There is no doubt that plants are living organisms which eat, grow, move around and reproduce. Even though they lack the same complex sensory organs and nervous systems as animals and human beings, they are equipped with equally important organ systems and nerve cells.
The debate around whether plants feel emotions and sensations like pain, has been contested as far back as Charles Darwin’s time. As of the present day, the general consensus which remains is that while plants definitely feel themselves being picked out and eaten, they lack the capacity and appropriate features to feel strong emotions like anger or pain.
Humans are able to recognise the subjective feeling of pain thanks to us having a brain, a central nervous system and in particular, something called nociceptors. A nociceptor is a sensory neuron that responds to potentially or already existing and damaging stimuli, by sending signals to the spinal cord and brain.
Without this receptor, plants are not able to register the feeling of being eaten alive. However, they do have mechanoreceptors which let them know when they are being pressured, touched or moved.
For example, the Mimosa Pudica, otherwise known as the ‘Sensitive Plant’ has leaves which will close up when touched. Likewise, when aphids attack plant leaves, electrical signals will be transmitted from leaf to leaf, as a warning to the plant to start protecting itself.
All in all, a plant reacting with defences to damage and other changes in its environment is a clear indication that plants are in fact alive and capable of responding to variations in its awareness.
Another popular debate around plants has been whether they grow more when we talk to them. Evidence has more often than not pointed towards “yes”, with many researchers agreeing that plant growth is influenced by vibrations, including sound. South Korean researchers found similarities between plant genes that regulate reactions to sunlight and music. Their results indicate that music stimulates plant growth.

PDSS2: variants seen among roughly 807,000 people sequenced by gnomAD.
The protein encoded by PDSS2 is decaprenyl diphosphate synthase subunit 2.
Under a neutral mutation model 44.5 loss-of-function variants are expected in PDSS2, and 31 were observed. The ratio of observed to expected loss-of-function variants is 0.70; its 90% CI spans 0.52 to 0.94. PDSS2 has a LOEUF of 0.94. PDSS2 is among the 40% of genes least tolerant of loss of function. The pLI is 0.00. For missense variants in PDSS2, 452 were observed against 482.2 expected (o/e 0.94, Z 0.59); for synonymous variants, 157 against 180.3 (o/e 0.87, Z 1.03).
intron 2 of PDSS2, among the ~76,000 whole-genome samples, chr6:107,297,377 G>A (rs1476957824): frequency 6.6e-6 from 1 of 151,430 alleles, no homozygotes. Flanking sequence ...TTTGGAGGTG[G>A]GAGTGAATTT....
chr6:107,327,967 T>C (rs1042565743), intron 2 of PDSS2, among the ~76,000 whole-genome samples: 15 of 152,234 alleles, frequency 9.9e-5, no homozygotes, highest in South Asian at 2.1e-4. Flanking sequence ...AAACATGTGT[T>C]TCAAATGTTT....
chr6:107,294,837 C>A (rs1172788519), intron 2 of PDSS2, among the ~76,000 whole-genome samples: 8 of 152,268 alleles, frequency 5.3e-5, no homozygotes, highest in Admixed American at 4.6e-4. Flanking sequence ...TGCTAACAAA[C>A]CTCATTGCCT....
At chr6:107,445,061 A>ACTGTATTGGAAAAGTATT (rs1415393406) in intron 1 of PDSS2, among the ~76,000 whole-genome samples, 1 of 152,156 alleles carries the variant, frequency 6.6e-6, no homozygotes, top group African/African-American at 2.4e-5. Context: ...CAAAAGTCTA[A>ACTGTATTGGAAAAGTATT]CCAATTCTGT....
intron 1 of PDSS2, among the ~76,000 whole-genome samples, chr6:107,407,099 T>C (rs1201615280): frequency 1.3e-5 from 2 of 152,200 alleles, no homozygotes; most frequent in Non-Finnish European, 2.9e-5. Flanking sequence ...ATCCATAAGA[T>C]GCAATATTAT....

Experts on the popular TV show, MythBusters, also conducted an experiment involving pea plants grown in 3 different controlled greenhouses; one with ‘sweet talk’ and classical music, another with yelling and heavy metal music, and finally, a completely silent one.
The plants in the silent greenhouse performed the worse, while the pea plants in the louder greenhouses resulted in almost equal growth.
In conclusion, it seems that plant growth is influenced by sounds at specific levels, including the typical human conversational tone that averages out at 70 decibels.
So really, there’s no harm in talking to your plants once in a while; it’s proven to be a good stress reliever and it helps your plants to grow too, so why not try and give it a go?